In accordance with legal codes and custom in Hong Kong, once any signal higher than No. 3 is issued, all government agencies shut down their operations, schools immediately cease classes, financial markets and most of the private sector close their doors. Non-essential workers are released from work in a staggered manner so as to avoid overwhelming public transportation. Public transit agencies that operate on the sea or on surface streets and highways generally continue to operate initially but may cease operation at short notice. Employers who require staff to remain on duty during a No. 8 or higher signal must provide a safe work environment and shelter after work should transportation be unavailable. Such arrangements must be worked out beforehand between the employer and employee. In order to minimise disruption, the Hong Kong Observatory has, since 1987, observed a practice of issuing warnings two hours in advance of the issuance of the No. 8 warning signal, though such warnings of warnings are not attended by any system of numbering such as to indicate the relative imminence of issuance of the typhoon warning signal itself.
In its early days, as a system devised for the service of mariners, it relied upon wind speeds measured around Victoria Harbour. As the emphasis shifted to serving the intensively urbanised populace, such observations were seen as lacking relevance. The Hong Kong Observatory was the target of criticism during Typhoon Prapiroon in 2006 when conditions in urban areas were much more severe than those on the harbour which had justified only a No. 3 signal being issued. In response, from 2007, the Hong Kong Observatory broadened its network to eight near sea-level reference anemometers around Hong Kong.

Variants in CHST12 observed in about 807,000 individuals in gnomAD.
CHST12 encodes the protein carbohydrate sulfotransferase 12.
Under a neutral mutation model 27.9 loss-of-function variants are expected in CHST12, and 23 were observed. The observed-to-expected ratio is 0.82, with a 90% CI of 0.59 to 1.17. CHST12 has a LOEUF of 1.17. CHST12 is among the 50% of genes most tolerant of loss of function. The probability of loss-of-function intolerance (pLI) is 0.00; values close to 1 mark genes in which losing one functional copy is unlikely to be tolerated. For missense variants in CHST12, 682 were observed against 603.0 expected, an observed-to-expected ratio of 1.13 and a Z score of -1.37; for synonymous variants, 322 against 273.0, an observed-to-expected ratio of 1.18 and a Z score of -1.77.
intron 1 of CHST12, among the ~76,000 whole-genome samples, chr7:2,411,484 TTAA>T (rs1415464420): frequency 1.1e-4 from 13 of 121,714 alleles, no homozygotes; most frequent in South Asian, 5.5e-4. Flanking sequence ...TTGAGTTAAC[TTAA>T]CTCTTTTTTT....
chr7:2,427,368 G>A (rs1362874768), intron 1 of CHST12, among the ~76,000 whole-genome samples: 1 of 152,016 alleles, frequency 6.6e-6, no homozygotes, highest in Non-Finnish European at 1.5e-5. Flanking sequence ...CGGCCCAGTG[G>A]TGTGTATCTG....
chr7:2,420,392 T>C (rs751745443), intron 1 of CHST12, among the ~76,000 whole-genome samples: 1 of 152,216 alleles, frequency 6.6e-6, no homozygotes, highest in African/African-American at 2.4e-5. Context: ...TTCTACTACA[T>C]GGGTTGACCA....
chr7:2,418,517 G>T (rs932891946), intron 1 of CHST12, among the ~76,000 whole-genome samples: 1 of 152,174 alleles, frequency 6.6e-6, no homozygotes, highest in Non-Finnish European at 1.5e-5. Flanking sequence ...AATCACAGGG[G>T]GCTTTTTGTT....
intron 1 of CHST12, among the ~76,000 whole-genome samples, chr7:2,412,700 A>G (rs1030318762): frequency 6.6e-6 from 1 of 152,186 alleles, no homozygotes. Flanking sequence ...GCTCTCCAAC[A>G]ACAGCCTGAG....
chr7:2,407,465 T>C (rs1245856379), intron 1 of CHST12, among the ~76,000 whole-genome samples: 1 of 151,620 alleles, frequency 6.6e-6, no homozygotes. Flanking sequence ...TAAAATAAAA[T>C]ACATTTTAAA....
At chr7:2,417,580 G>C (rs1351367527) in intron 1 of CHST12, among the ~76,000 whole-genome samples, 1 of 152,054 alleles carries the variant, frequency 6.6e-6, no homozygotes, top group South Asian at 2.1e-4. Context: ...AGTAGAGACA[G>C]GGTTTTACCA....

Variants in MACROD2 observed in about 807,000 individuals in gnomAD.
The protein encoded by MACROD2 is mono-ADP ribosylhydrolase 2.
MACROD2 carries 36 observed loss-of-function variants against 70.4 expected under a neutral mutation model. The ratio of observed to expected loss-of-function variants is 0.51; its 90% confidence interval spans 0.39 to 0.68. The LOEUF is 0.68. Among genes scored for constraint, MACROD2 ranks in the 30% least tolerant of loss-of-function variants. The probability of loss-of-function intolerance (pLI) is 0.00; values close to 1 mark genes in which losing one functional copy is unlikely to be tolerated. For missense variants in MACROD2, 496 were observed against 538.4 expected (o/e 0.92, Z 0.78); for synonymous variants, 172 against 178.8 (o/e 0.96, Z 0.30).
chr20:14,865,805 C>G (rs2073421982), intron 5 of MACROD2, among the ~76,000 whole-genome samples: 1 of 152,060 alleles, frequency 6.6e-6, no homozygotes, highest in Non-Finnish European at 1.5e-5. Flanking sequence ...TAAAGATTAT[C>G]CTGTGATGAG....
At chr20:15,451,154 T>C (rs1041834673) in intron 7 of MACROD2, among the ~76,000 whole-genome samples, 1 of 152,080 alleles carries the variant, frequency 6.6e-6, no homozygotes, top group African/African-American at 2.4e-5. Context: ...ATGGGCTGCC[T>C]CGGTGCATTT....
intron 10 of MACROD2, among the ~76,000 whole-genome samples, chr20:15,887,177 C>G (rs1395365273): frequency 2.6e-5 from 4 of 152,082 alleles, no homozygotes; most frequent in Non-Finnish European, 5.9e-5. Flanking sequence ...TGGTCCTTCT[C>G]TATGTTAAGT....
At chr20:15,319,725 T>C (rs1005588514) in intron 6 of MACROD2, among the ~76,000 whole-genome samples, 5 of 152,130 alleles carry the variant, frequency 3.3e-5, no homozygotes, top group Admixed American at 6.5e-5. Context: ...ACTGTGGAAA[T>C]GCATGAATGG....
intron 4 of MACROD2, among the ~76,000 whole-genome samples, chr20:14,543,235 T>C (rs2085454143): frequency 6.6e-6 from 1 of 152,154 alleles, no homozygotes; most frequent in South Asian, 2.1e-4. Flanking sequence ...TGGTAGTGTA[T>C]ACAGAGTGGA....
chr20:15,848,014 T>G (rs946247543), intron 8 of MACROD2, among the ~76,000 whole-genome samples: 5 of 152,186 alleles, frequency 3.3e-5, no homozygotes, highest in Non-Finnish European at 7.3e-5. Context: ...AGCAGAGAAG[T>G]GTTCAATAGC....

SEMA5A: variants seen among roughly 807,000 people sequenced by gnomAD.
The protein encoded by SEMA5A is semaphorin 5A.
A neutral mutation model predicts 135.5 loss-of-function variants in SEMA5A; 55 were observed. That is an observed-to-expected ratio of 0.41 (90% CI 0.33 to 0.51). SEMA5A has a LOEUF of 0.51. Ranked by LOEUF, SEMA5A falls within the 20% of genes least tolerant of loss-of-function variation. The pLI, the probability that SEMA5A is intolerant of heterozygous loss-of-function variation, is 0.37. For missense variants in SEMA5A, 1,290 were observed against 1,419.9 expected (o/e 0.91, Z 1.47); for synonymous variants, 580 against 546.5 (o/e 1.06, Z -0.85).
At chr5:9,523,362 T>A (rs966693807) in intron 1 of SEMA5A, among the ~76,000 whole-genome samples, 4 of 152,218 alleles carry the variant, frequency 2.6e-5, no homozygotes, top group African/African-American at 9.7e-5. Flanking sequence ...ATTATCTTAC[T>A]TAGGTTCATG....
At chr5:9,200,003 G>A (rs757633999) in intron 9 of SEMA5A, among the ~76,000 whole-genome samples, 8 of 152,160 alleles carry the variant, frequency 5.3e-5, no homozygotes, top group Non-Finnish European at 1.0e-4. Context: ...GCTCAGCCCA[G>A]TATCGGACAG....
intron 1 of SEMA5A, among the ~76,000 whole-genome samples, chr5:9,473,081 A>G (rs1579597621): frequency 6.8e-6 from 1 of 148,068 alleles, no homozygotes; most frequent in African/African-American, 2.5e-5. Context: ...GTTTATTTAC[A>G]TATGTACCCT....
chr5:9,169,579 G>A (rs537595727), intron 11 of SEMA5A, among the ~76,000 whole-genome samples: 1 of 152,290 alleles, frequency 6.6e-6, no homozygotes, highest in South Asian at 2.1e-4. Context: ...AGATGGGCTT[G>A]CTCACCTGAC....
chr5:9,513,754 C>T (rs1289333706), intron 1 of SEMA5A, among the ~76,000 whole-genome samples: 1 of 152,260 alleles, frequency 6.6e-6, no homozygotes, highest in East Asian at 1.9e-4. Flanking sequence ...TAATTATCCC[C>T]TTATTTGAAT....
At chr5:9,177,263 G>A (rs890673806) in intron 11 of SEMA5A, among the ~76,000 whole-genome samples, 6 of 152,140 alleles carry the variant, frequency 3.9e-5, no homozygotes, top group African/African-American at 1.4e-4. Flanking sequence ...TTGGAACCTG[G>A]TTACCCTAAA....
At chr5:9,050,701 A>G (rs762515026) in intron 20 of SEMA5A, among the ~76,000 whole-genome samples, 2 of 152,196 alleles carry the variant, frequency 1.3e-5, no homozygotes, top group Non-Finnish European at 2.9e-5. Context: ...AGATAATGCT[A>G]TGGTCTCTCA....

When Typhoon Hato hit Hong Kong in August 2017 with signal 10 being issued, flights were suspended or cancelled, resuming as soon as it is safe, including throughout the night to make up for loss time. MTR cancelled train services in open sections of the line, and maintained a limited service underground on an adjusted schedule. All schools were closed for the day and the government opened temporary shelters. Trees fell. Flooding occur. The stock market (and other businesses) were suspended for part or a whole day.
Meaning of signals